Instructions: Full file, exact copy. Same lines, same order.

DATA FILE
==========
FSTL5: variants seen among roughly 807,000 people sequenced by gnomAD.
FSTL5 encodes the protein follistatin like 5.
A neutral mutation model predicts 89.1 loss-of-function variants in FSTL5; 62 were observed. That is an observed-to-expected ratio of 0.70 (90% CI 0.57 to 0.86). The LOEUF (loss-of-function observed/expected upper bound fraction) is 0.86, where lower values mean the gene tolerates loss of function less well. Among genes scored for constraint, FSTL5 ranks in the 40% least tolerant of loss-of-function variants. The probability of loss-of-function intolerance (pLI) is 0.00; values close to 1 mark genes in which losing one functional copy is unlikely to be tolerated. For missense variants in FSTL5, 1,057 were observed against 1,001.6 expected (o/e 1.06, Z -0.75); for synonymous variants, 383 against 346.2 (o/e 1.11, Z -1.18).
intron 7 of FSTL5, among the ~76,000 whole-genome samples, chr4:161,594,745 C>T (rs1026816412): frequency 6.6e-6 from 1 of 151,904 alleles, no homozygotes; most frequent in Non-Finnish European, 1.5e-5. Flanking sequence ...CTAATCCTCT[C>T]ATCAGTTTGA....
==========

FSTL5: variants seen among roughly 807,000 people sequenced by gnomAD.
FSTL5 encodes the protein follistatin like 5.
A neutral mutation model predicts 89.1 loss-of-function variants in FSTL5; 62 were observed. That is an observed-to-expected ratio of 0.70 (90% CI 0.57 to 0.86). The LOEUF (loss-of-function observed/expected upper bound fraction) is 0.86, where lower values mean the gene tolerates loss of function less well. Among genes scored for constraint, FSTL5 ranks in the 40% least tolerant of loss-of-function variants. The probability of loss-of-function intolerance (pLI) is 0.00; values close to 1 mark genes in which losing one functional copy is unlikely to be tolerated. For missense variants in FSTL5, 1,057 were observed against 1,001.6 expected (o/e 1.06, Z -0.75); for synonymous variants, 383 against 346.2 (o/e 1.11, Z -1.18).
intron 7 of FSTL5, among the ~76,000 whole-genome samples, chr4:161,594,745 C>T (rs1026816412): frequency 6.6e-6 from 1 of 151,904 alleles, no homozygotes; most frequent in Non-Finnish European, 1.5e-5. Flanking sequence ...CTAATCCTCT[C>T]ATCAGTTTGA....